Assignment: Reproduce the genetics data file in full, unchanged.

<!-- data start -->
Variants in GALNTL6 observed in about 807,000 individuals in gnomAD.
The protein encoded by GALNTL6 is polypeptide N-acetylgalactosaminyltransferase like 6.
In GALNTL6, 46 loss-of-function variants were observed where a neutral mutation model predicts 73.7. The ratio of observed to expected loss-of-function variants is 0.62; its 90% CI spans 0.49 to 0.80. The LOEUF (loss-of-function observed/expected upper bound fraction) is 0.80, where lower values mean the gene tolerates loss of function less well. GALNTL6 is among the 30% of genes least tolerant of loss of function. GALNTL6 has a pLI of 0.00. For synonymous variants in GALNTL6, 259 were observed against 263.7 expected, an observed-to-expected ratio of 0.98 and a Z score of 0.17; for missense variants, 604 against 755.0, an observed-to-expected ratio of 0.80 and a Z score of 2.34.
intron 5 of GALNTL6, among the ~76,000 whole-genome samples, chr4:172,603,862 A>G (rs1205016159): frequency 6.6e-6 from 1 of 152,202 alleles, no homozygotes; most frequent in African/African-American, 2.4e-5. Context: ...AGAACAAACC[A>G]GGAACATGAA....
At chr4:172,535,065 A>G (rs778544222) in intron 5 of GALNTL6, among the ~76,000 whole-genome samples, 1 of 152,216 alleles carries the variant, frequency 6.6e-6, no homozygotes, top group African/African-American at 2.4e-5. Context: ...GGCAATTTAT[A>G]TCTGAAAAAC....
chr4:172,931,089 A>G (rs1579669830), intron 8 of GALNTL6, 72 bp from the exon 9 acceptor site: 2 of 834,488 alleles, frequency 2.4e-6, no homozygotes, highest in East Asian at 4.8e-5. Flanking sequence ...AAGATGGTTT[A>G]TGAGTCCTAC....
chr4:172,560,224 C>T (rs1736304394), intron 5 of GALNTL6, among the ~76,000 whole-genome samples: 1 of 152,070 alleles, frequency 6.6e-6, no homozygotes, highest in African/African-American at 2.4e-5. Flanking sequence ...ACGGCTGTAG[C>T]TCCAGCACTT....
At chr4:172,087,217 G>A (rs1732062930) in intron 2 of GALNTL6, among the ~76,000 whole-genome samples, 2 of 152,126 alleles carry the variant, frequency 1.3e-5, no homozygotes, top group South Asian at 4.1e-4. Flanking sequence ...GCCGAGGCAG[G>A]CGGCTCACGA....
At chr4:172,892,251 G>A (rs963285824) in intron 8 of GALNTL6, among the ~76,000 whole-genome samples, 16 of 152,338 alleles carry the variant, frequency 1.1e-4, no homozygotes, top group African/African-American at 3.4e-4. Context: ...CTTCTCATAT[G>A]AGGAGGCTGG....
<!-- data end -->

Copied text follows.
Variants in GALNTL6 observed in about 807,000 individuals in gnomAD.
The protein encoded by GALNTL6 is polypeptide N-acetylgalactosaminyltransferase like 6.
In GALNTL6, 46 loss-of-function variants were observed where a neutral mutation model predicts 73.7. The ratio of observed to expected loss-of-function variants is 0.62; its 90% CI spans 0.49 to 0.80. The LOEUF (loss-of-function observed/expected upper bound fraction) is 0.80, where lower values mean the gene tolerates loss of function less well. GALNTL6 is among the 30% of genes least tolerant of loss of function. GALNTL6 has a pLI of 0.00. For synonymous variants in GALNTL6, 259 were observed against 263.7 expected, an observed-to-expected ratio of 0.98 and a Z score of 0.17; for missense variants, 604 against 755.0, an observed-to-expected ratio of 0.80 and a Z score of 2.34.
intron 5 of GALNTL6, among the ~76,000 whole-genome samples, chr4:172,603,862 A>G (rs1205016159): frequency 6.6e-6 from 1 of 152,202 alleles, no homozygotes; most frequent in African/African-American, 2.4e-5. Context: ...AGAACAAACC[A>G]GGAACATGAA....
At chr4:172,535,065 A>G (rs778544222) in intron 5 of GALNTL6, among the ~76,000 whole-genome samples, 1 of 152,216 alleles carries the variant, frequency 6.6e-6, no homozygotes, top group African/African-American at 2.4e-5. Context: ...GGCAATTTAT[A>G]TCTGAAAAAC....
chr4:172,931,089 A>G (rs1579669830), intron 8 of GALNTL6, 72 bp from the exon 9 acceptor site: 2 of 834,488 alleles, frequency 2.4e-6, no homozygotes, highest in East Asian at 4.8e-5. Flanking sequence ...AAGATGGTTT[A>G]TGAGTCCTAC....
chr4:172,560,224 C>T (rs1736304394), intron 5 of GALNTL6, among the ~76,000 whole-genome samples: 1 of 152,070 alleles, frequency 6.6e-6, no homozygotes, highest in African/African-American at 2.4e-5. Flanking sequence ...ACGGCTGTAG[C>T]TCCAGCACTT....
At chr4:172,087,217 G>A (rs1732062930) in intron 2 of GALNTL6, among the ~76,000 whole-genome samples, 2 of 152,126 alleles carry the variant, frequency 1.3e-5, no homozygotes, top group South Asian at 4.1e-4. Flanking sequence ...GCCGAGGCAG[G>A]CGGCTCACGA....
At chr4:172,892,251 G>A (rs963285824) in intron 8 of GALNTL6, among the ~76,000 whole-genome samples, 16 of 152,338 alleles carry the variant, frequency 1.1e-4, no homozygotes, top group African/African-American at 3.4e-4. Context: ...CTTCTCATAT[G>A]AGGAGGCTGG....